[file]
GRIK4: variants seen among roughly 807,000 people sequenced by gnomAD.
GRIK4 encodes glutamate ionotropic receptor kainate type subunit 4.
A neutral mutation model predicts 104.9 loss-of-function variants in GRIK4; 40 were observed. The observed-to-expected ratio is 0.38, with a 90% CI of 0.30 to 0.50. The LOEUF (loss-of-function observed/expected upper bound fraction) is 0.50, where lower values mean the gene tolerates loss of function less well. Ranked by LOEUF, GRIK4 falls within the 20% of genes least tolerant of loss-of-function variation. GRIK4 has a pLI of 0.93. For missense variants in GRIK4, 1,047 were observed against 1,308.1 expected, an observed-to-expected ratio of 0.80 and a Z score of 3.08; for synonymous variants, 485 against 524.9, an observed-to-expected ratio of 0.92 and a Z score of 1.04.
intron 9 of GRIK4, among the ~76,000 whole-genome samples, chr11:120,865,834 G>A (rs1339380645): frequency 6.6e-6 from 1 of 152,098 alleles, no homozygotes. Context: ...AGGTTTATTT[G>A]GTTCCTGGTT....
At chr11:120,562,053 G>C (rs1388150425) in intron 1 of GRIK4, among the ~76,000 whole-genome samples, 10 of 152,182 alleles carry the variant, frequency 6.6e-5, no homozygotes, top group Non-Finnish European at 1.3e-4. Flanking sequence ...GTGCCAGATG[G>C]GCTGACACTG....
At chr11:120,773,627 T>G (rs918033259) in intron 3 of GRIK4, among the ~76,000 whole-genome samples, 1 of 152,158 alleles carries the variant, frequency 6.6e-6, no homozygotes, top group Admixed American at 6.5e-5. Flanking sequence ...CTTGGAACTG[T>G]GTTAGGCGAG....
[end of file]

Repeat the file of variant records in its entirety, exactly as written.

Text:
GRIK4: variants seen among roughly 807,000 people sequenced by gnomAD.
GRIK4 encodes glutamate ionotropic receptor kainate type subunit 4.
A neutral mutation model predicts 104.9 loss-of-function variants in GRIK4; 40 were observed. The observed-to-expected ratio is 0.38, with a 90% CI of 0.30 to 0.50. The LOEUF (loss-of-function observed/expected upper bound fraction) is 0.50, where lower values mean the gene tolerates loss of function less well. Ranked by LOEUF, GRIK4 falls within the 20% of genes least tolerant of loss-of-function variation. GRIK4 has a pLI of 0.93. For missense variants in GRIK4, 1,047 were observed against 1,308.1 expected, an observed-to-expected ratio of 0.80 and a Z score of 3.08; for synonymous variants, 485 against 524.9, an observed-to-expected ratio of 0.92 and a Z score of 1.04.
intron 9 of GRIK4, among the ~76,000 whole-genome samples, chr11:120,865,834 G>A (rs1339380645): frequency 6.6e-6 from 1 of 152,098 alleles, no homozygotes. Context: ...AGGTTTATTT[G>A]GTTCCTGGTT....
At chr11:120,562,053 G>C (rs1388150425) in intron 1 of GRIK4, among the ~76,000 whole-genome samples, 10 of 152,182 alleles carry the variant, frequency 6.6e-5, no homozygotes, top group Non-Finnish European at 1.3e-4. Flanking sequence ...GTGCCAGATG[G>C]GCTGACACTG....
At chr11:120,773,627 T>G (rs918033259) in intron 3 of GRIK4, among the ~76,000 whole-genome samples, 1 of 152,158 alleles carries the variant, frequency 6.6e-6, no homozygotes, top group Admixed American at 6.5e-5. Flanking sequence ...CTTGGAACTG[T>G]GTTAGGCGAG....